“It is hard to come to Moscow and not notice what the last five years of high oil prices have done for middleclass consumption here. Five years ago, it took me 35 minutes to drive from Kremlin to Moscow’s airport. On Monday, it took me two and half hours. There was one long traffic jam from central Moscow to the airport, because a city built for 30,000 cars, which 10 years ago had 300,000 cars, today has three million cars and a ring of new suburbs. How Russia deals with its oil and gas windfall is going to be a huge issue. But today I’d like to focus on how the Soviet Union was killed, in part, by its addiction to oil and why Iran could succumb tot he same disease.”
This paragraph is from the editorial “The Oil-Addicted Ayatollahs” by Thomas L. Friedman in the New York Times. This paragraph contains Pathos, Ethos, and Logos, in order to support his claims. Pathos is set up by using the words “killed,” “addiction,” and “disease.” These words contain a negative connotation which appeals to readers for empathy. The Ethos of Friedman is set up when he talks about his previous trips to Moscow and the drive that he took twice; once five years ago, and then now. He talks about the changes that have taken place within those three years. And then the Logos. Logos is contained by talking about the number of cars. Numbers and statistics are a good way to set up Logos. Another effective strategy is Friedman’s word choice. He uses strong wording which helps establish his ethos as well has interest the reader. He also uses the Soviet Union, which was communist and therefore against the human way of life, and compares it to Iran, which being in the Middle East is also against our way of life. If he had decided to use Alaska and compare it to Iran, it probably wouldn’t have been as effective and would have upset reader as Alaska is part of our United States and therefore part of our daily life—though the controversy about the wildlife parks and getting oil and fossil fuels from there might have helped a bit. Friedman’s article was effective in conveying it’s message about the problem with the countries that have become dependent on oil.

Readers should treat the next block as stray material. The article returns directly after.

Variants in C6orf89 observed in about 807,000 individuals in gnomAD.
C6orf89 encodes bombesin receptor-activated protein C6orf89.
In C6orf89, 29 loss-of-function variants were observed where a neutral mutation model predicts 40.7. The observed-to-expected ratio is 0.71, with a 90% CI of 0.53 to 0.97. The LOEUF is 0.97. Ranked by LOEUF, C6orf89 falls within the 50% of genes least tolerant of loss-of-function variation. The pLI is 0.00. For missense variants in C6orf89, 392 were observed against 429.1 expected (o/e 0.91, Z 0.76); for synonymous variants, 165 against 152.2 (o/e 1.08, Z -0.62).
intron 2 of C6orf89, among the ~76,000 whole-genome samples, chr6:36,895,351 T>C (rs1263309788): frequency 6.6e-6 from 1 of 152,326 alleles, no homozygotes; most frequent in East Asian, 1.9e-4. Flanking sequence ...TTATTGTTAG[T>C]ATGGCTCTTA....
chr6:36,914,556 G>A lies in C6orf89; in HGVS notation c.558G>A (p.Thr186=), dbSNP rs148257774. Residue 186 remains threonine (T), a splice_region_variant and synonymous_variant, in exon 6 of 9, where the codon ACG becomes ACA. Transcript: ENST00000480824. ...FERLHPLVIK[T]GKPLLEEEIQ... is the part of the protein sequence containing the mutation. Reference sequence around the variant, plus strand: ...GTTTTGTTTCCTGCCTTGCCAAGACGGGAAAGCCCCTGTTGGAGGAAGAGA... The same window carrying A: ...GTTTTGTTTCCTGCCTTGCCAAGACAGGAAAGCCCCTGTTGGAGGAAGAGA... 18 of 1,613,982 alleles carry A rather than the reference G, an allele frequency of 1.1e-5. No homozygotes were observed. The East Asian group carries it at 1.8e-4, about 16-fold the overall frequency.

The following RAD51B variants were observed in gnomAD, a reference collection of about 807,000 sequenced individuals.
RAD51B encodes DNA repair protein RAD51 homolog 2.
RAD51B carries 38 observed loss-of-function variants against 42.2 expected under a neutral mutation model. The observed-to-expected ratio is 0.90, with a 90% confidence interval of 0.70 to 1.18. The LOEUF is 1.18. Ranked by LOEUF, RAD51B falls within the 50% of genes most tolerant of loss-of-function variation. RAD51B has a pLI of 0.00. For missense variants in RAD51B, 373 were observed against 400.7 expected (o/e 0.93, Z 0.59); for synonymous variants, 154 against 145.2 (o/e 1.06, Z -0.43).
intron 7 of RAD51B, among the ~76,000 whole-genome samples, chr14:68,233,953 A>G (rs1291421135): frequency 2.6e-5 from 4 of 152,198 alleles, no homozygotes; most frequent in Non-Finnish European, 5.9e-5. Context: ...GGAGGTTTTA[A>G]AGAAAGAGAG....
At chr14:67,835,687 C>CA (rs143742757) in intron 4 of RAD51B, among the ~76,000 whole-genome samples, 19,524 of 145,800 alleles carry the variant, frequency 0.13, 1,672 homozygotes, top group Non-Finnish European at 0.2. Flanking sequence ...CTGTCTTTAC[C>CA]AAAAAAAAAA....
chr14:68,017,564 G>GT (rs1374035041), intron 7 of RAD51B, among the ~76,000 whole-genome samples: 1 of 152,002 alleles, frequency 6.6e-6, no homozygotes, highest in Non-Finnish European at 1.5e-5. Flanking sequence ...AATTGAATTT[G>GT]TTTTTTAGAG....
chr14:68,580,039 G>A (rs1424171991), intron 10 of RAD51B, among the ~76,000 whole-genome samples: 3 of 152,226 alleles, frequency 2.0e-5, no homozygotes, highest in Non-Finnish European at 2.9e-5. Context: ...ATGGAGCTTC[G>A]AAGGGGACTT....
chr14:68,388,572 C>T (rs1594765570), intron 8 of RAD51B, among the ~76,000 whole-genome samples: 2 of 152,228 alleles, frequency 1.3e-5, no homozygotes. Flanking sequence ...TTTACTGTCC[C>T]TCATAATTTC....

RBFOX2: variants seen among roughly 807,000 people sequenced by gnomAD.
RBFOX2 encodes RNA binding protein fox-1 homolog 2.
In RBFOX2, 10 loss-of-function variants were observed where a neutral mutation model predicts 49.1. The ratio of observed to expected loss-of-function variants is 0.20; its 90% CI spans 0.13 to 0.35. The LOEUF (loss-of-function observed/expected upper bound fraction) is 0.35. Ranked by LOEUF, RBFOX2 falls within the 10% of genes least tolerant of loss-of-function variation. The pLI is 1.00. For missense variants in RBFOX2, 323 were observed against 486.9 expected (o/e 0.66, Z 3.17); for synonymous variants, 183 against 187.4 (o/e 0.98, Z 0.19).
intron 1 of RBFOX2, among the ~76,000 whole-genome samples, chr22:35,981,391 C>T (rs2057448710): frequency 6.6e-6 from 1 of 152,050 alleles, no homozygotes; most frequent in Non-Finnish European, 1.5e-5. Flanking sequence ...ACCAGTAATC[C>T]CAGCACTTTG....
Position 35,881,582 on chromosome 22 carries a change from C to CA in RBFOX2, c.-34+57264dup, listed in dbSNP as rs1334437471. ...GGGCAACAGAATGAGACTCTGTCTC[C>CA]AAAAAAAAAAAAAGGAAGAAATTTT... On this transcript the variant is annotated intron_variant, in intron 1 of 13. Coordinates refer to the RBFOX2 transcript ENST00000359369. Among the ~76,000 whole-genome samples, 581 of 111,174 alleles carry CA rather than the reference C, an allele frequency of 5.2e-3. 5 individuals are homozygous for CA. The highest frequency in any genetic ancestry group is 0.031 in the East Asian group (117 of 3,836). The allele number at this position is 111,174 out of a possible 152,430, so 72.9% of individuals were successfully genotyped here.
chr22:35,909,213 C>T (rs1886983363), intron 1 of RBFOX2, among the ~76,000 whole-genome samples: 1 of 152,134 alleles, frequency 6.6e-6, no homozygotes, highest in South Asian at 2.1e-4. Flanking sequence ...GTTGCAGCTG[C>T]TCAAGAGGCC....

I know this doesn't mean anything, but the internet was down at Heritage Yesterday. So, it's late, but it's here.